“Insanely jealous”, wrote one. “Look at that gear,” exclaimed another. “This is the equipment all frontline medical professionals deserve.”
These are just a few of the comments healthcare workers from Europe and North America have made under images on Twitter of protective equipment being worn in Asia. Doctors and nurses at hospitals in mainland China, Hong Kong, Taiwan and South Korea have often seemed to have easier access to face masks, hazmat suits and goggles, while their counterparts in places like the US and the UK have been forced to don binbags or reuse N95 masks for protection.
“Lack of adequate PPE [personal protective equipment] endangers not only [frontline heath-workers], but their patients and families as well,” the American Medical Association said in a statement last week.
Quite why these countries don’t have enough PPE is now a subject of intense and often politicised debate.
Some say it was a mistake to allow a single country – China – to control more than 50% of the world’s mask production.
When the virus first emerged in Wuhan in December local demand for masks shot up. Although Beijing never formally banned mask exports, government officials requisitioned almost everything that factories were making – including output from plants run by foreign companies such as 3M and Medicom.
At the same time it began buying in masks and other PPE from other countries – either through formally contracted sales or informally via the huge diaspora of Chinese living overseas.
PetroChina was one of the companies to issue a PPE sourcing order to its international operations, Bloomberg has reported. As did the Shanghai-backed real estate developer Greenland, according to the Sydney Morning Herald.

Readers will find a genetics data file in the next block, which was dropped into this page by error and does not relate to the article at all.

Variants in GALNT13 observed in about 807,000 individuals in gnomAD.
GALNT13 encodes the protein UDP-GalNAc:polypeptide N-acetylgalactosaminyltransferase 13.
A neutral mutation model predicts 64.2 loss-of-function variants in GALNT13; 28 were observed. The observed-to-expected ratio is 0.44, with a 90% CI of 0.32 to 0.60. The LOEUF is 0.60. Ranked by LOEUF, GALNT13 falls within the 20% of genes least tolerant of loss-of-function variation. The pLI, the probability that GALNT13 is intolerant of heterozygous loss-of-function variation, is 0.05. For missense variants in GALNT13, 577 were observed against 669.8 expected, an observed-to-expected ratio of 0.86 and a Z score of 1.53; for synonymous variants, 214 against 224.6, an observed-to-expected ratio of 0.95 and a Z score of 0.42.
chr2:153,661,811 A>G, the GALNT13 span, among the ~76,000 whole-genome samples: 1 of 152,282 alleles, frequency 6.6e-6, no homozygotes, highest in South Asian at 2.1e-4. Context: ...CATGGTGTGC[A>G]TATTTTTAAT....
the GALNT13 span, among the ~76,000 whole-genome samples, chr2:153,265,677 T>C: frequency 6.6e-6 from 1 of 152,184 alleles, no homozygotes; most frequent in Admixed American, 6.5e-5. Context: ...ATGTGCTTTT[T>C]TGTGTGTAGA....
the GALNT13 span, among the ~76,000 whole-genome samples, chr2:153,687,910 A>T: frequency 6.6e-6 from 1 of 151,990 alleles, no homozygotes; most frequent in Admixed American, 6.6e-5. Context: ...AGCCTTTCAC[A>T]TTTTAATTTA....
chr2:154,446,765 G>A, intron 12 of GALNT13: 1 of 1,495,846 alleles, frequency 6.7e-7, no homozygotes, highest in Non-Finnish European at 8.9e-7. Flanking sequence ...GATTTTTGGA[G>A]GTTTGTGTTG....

The New York Times reports that in the first week of January China imported at least 56 million masks and respirators (a type of mask required by medical professionals), and that by January 30 it was importing 20 million units a day.
Western governments didn’t object because the epicentre of the crisis was still China and the focus was on containing the spread there.
By the beginning of March, things were starting to change. China was cautiously encouraging its citizens to go back to work, but Europe and America were about to see a dramatic surge in infection rates. With that came a new desperation to source more protective gear.
Companies in China had been busy retrofitting their factories so they could produce PPE – so just as demand came off its peaks at home they were in strong position to start exports around the world.
Businesses like OPPO, BYD, Haier and even PetroChina had turned over some of their resources to making protective gear or sanitiser.
And as the virus began to rip through the West, foreign carmakers Fiat Chrysler and Volkswagen said they would also be making masks and other PPE at their Chinese plants.
Meanwhile Elon Musk drew heavily on his Tesla team in China to source 1,255 ventilators (the machines that help people breathe) and flew them to Los Angeles for distribution on March 19.
Alongside all of this the Chinese government and well-known names such as billionaire Jack Ma and telecoms company Huawei, began donating equipment to countries in need – including in Ma’s case to the US.
This “mask diplomacy” as it has been dubbed, has given China an opportunity to burnish its credentials as a global leader and to style itself as part of the solution in stopping the pandemic (see WiC488).